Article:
Advocates for indigenous tribes are worried over incidents last month when some members of one of the last uncontacted tribes in the Peru/Brazil region, across borders, left their home in Peru and entered the village across the border, making contact for the first time with people in a settled Ashaninka community. The seven were sickened, alarming researchers about the risk of how diseases may decimate previously isolated peoples with no immunities. Responding to the risks of disease transmission, a government medical team treated the newly infected people and gave them flu immunizations.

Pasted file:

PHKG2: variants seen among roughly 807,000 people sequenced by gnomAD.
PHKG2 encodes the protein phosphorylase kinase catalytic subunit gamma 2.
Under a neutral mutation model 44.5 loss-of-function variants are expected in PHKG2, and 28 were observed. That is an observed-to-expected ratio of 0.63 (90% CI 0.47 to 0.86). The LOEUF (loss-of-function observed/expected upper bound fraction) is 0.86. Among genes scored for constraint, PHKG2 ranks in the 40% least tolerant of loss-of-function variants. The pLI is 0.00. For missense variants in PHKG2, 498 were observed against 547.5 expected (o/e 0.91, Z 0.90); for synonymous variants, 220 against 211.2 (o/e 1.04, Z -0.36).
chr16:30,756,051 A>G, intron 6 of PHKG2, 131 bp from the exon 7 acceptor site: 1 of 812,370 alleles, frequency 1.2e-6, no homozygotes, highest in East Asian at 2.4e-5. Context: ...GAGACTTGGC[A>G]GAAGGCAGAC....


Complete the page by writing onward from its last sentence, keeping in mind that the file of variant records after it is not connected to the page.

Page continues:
The situation though took another turn when the contacted people then went back to their forest home, Their return has observers worried that they still could spread the sickness back to their tribe. Science News, from the journal Science, quoted Chris Fagan, executive director at the Upper Amazon Conservancy in Jackson, Wyoming. “We can only hope that [the FUNAI team members] were able to give out treatment before the sickness was spread to the rest of the tribe in the forest,” says Chris Fagan, executive director at the Upper Amazon Conservancy in Jackson, Wyoming. “Only time will tell if they reacted quickly enough to divert a catastrophic epidemic.” FUNAI refers to Brazil’s Indian affairs department.